Category Archives: books

In honor of…

gone crazy in alabamaI’m not the biggest fan of all the special months.  Theoretically, they help highlight authors and issues affecting different groups (African-Americans, women, Latinx, LGBT folks, Asians, etc.), and I have no problem with that.  But shouldn’t we really be looking for more diverse books ALL year?  Of course.

Anyway, it’s February, so this year, I’ve decided that I’m looking at this as an EXTRA reason to highlight great African-American and African authors and characters.  Below are some of my favorites of the past few years:



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Books, France, underpants

you can readAny book that combines the love of reading with silly, imaginary book titles, clever rhyming, and underpants will always be loved by me.  I know I can speak for a small, not statistically significant group of kindergartners when I add that kids will love that book, too.  Here is that book.  Read it and smile.

For two more stories about stories, read this one.

You Can Read by Helaine Becker and Mark Hoffmann

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The Talented Two – Mrs. B’s Book Bracket finally reaches the finals

B3 logoSo, I’m a little behind in reporting on our 5th graders’ book bracket…

Like I mentioned in the last post on our book bracket, I was sick. Then Mrs. B was sick. Throw in a field trip or maybe a family emergency to mess up the schedule and you’d have a typical month of Thursdays during the school year, right?

But here we are.  After a second vote between Circus Mirandus and The Terrible Two because of a tie, Circus Mirandus won, with several kids apparently switching their votes. The Lightning Thief was the big winner against Holes. So for our final two, we’ve got:

Circus Mirandus vs. The Lightning Thief

A newcomer against an old favorite? A stand alone versus a series? Magic versus myths? What could be better? I can’t wait to hear the kids try to convince each other to choose their favorite. Ah, the joy of reading!

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The Excellent and Elite Eight (Mrs. B’s Book Bracket)

B3 logo

We’re down to eight, after a nail biter coin toss between Big Nate and The Graveyard Book.  The other match-ups were within a few votes, too, although not quite that close. Several of the students have started writing “I can’t choose!” or “I like them both too much!” on their ballots when the choice is just too tough.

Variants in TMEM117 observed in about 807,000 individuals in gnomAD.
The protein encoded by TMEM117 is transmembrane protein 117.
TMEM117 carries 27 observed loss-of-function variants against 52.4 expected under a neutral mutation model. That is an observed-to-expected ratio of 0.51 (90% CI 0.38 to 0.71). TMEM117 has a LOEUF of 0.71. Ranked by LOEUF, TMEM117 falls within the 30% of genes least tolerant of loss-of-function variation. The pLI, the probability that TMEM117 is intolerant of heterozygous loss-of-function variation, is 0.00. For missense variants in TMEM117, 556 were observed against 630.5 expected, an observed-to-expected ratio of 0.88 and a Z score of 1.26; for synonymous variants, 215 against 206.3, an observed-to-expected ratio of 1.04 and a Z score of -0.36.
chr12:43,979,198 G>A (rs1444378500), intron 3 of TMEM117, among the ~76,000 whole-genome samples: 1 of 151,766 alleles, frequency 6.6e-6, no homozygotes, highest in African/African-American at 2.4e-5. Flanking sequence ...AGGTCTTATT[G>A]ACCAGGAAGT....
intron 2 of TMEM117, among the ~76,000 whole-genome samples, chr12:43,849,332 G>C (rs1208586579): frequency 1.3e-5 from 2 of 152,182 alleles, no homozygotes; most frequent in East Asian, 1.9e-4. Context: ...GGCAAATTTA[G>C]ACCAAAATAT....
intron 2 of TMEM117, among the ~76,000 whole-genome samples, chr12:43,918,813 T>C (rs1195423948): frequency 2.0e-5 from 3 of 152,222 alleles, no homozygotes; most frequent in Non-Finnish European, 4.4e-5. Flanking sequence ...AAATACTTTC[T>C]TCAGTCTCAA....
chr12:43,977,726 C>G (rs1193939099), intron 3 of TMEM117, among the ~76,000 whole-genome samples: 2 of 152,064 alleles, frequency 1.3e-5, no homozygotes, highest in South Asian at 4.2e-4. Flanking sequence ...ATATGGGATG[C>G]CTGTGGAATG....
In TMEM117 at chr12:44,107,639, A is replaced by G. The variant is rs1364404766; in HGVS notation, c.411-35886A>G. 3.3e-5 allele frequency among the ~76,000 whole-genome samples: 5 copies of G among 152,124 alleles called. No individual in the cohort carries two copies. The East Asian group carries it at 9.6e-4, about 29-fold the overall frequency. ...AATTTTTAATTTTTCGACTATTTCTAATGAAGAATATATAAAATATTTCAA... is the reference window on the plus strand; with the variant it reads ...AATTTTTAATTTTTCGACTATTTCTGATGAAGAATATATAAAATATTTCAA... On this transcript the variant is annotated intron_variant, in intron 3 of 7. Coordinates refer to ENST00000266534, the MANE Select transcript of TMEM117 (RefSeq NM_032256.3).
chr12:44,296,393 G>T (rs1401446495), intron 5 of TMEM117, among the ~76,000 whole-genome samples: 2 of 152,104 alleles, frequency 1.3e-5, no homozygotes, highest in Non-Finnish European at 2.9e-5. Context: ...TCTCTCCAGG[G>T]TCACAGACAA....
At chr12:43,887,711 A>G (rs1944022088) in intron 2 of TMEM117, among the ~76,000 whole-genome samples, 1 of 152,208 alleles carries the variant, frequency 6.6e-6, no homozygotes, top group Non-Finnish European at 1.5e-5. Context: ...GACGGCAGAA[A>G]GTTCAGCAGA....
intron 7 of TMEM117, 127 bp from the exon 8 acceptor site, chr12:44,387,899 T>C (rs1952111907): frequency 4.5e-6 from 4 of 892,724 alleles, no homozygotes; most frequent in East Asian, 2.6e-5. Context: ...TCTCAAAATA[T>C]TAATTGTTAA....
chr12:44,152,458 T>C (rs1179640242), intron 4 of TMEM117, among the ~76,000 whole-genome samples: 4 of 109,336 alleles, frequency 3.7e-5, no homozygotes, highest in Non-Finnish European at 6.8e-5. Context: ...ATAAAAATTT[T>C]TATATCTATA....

So our excellent final eight books in the 2016 B3 are:

Athlete vs. Mathlete


Big Nate

The Lightning Thief

The Terrible Two


The One and Only Ivan

Circus Mirandus

See the bracket below for this week’s match-ups. I can’t wait to see what happens next!





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March Madness, February Fervor and a book bracket…

B3 logo

It’s already started. A few weeks ago, I surveyed the fifth graders and came up with a list of more than 64 books. Some of them had heard about the B3 (Mrs. B’s Book Bracket) from kids last year; rumor has it that one even asked specifically to be put in Mrs. B’s class because of it.

This time of year, everyone starts talking about brackets and the Sweet 16 and basketball, of course. Last year, I came across ideas for getting kids excited about reading by using bracketology, and I thought it could be fun in my volunteer book talks.

My son and I came up with more than 100 books and randomly paired them to create the first bracket. In the end, last year’s initial 64 was winnowed down to a final two of Peg Kehret’s Escaping the Giant Wave vs. Raina Telgemeier’s Smile. Peg Kehret won, buoyed by fan loyalty; her books are much loved by the third grade teachers in the school. Fifth graders have fond memories of listening to and reading her books, and she managed to hold off Timmy Failure, Amulet, Belly Up, Hoot, and The PS Brothers before beating Smile. When I messaged Ms. Kehret about her big win, she very kindly wrote a short note back thanking her Iowa readers. It made the win even more fun for the kids to actually hear back from such a gracious and kind victor.